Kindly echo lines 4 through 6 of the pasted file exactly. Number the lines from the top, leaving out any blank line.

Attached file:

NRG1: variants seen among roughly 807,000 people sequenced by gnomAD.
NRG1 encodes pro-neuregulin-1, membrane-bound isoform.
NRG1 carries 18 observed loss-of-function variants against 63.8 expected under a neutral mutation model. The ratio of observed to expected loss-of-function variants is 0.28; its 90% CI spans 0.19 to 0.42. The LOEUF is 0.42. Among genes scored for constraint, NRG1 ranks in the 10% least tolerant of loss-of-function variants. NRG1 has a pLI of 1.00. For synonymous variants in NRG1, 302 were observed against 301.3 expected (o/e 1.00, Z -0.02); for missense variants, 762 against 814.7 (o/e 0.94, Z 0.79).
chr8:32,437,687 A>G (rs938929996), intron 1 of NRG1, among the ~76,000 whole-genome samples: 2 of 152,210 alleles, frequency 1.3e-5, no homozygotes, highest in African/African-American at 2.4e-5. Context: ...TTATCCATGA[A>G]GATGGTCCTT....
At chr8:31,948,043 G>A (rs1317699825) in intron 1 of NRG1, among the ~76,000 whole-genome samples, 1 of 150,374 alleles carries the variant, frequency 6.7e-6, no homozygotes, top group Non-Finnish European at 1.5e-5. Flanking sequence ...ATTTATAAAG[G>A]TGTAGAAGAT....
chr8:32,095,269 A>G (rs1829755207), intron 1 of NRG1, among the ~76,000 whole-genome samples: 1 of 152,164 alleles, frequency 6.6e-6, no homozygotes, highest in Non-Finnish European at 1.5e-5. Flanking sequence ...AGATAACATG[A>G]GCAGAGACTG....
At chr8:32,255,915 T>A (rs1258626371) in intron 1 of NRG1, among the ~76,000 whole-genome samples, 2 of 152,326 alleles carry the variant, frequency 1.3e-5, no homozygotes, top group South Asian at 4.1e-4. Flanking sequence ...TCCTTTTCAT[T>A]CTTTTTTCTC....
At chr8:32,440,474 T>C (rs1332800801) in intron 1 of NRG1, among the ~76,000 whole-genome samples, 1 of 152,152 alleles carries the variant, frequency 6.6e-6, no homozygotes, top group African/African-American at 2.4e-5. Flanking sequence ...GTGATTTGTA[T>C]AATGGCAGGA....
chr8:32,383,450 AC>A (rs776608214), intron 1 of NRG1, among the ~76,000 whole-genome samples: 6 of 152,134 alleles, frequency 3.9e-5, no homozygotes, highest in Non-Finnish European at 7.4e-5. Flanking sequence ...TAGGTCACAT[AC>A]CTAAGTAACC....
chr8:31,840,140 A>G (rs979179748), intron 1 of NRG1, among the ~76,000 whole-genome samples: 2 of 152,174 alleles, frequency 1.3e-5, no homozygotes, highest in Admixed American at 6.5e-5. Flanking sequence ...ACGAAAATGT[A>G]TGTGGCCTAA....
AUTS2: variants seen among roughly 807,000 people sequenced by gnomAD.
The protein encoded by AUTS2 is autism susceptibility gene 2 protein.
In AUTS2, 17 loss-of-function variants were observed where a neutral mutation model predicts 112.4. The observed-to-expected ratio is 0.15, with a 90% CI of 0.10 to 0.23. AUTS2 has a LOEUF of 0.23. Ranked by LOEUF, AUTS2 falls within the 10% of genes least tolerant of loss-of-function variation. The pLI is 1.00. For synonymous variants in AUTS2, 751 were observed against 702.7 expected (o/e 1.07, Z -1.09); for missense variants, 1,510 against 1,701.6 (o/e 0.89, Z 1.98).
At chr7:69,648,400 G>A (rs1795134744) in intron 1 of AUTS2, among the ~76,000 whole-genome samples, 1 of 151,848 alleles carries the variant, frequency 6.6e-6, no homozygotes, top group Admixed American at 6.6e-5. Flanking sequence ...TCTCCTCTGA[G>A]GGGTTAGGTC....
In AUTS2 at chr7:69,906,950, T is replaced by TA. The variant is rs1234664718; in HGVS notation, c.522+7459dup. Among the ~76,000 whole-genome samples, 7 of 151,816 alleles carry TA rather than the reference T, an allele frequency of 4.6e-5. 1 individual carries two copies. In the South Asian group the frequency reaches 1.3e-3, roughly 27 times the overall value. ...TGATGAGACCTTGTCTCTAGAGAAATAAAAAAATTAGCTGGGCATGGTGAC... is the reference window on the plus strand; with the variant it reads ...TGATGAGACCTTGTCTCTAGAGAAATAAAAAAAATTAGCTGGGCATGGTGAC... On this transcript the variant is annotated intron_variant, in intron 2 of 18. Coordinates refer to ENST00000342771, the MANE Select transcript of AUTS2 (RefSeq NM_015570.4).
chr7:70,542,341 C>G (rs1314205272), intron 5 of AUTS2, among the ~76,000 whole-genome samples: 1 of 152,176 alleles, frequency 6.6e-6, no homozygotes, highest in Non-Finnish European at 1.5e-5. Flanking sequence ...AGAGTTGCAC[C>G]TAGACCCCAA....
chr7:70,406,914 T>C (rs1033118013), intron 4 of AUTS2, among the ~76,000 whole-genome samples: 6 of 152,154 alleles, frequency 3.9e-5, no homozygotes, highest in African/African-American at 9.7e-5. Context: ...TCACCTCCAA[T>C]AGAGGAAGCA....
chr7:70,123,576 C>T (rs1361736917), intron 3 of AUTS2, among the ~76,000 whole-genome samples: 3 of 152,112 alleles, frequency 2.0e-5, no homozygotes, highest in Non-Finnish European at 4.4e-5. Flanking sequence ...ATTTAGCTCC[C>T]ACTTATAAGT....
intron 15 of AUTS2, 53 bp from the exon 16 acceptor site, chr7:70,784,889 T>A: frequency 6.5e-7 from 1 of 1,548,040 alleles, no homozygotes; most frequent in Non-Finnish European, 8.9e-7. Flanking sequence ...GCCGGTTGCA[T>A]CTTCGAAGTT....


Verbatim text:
chr8:32,437,687 A>G (rs938929996), intron 1 of NRG1, among the ~76,000 whole-genome samples: 2 of 152,210 alleles, frequency 1.3e-5, no homozygotes, highest in African/African-American at 2.4e-5. Context: ...TTATCCATGA[A>G]GATGGTCCTT....
At chr8:31,948,043 G>A (rs1317699825) in intron 1 of NRG1, among the ~76,000 whole-genome samples, 1 of 150,374 alleles carries the variant, frequency 6.7e-6, no homozygotes, top group Non-Finnish European at 1.5e-5. Flanking sequence ...ATTTATAAAG[G>A]TGTAGAAGAT....
chr8:32,095,269 A>G (rs1829755207), intron 1 of NRG1, among the ~76,000 whole-genome samples: 1 of 152,164 alleles, frequency 6.6e-6, no homozygotes, highest in Non-Finnish European at 1.5e-5. Flanking sequence ...AGATAACATG[A>G]GCAGAGACTG....